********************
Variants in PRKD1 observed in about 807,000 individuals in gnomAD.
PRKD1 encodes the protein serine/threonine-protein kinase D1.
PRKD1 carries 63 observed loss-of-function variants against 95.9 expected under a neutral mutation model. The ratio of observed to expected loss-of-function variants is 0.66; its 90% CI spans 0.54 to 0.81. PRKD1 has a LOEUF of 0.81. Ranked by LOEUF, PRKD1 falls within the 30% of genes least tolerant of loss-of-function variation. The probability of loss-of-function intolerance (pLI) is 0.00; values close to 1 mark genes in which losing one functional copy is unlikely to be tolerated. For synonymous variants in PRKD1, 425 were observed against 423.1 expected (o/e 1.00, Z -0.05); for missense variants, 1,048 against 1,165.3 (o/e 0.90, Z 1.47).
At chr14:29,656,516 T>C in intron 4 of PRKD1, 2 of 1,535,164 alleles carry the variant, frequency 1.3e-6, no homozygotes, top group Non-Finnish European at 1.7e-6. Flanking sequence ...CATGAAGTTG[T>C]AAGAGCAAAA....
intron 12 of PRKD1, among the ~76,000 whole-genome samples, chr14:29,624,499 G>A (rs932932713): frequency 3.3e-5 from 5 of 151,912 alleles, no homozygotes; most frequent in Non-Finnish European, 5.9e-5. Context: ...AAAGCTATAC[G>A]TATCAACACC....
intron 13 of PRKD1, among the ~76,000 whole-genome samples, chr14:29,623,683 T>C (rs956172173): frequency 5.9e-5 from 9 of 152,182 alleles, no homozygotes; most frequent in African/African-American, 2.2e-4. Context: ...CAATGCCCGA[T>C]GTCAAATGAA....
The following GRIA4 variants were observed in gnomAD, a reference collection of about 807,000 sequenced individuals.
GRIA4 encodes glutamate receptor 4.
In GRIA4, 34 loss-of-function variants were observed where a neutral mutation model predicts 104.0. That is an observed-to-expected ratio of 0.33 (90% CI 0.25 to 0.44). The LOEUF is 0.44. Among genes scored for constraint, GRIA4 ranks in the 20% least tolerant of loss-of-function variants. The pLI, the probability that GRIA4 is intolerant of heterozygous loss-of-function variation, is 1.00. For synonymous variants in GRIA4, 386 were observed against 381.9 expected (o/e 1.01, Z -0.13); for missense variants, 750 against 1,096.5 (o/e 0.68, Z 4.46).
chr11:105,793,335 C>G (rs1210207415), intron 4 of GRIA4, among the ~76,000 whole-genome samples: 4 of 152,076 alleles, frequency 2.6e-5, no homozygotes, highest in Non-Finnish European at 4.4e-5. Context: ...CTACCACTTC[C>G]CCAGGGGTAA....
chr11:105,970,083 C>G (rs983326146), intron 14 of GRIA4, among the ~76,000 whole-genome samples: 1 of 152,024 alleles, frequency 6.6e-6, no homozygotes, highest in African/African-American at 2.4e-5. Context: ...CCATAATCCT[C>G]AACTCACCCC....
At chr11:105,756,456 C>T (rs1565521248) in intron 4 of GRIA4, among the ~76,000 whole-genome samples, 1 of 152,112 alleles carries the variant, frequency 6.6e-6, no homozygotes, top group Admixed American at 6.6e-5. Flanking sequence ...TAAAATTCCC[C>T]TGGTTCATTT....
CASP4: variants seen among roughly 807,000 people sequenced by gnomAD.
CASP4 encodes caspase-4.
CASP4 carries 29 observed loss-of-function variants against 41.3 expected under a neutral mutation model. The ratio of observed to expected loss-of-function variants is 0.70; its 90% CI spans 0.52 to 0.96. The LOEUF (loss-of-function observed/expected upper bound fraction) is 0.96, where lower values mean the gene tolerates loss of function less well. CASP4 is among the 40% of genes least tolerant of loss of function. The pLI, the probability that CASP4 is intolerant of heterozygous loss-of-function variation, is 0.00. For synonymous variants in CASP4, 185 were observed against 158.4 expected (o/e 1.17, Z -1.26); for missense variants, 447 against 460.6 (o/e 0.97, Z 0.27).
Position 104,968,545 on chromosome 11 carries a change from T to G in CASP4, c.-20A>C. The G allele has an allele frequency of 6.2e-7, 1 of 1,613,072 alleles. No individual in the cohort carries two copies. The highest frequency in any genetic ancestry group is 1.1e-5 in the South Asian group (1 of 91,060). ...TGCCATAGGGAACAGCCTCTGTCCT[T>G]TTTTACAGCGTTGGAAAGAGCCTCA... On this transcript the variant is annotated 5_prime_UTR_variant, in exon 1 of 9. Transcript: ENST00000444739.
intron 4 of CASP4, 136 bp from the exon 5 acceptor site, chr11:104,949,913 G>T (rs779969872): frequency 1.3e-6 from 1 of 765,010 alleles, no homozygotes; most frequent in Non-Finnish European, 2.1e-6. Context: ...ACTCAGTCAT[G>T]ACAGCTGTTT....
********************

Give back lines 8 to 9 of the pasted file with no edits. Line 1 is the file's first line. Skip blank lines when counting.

GRIA4 encodes glutamate receptor 4.
In GRIA4, 34 loss-of-function variants were observed where a neutral mutation model predicts 104.0. That is an observed-to-expected ratio of 0.33 (90% CI 0.25 to 0.44). The LOEUF is 0.44. Among genes scored for constraint, GRIA4 ranks in the 20% least tolerant of loss-of-function variants. The pLI, the probability that GRIA4 is intolerant of heterozygous loss-of-function variation, is 1.00. For synonymous variants in GRIA4, 386 were observed against 381.9 expected (o/e 1.01, Z -0.13); for missense variants, 750 against 1,096.5 (o/e 0.68, Z 4.46).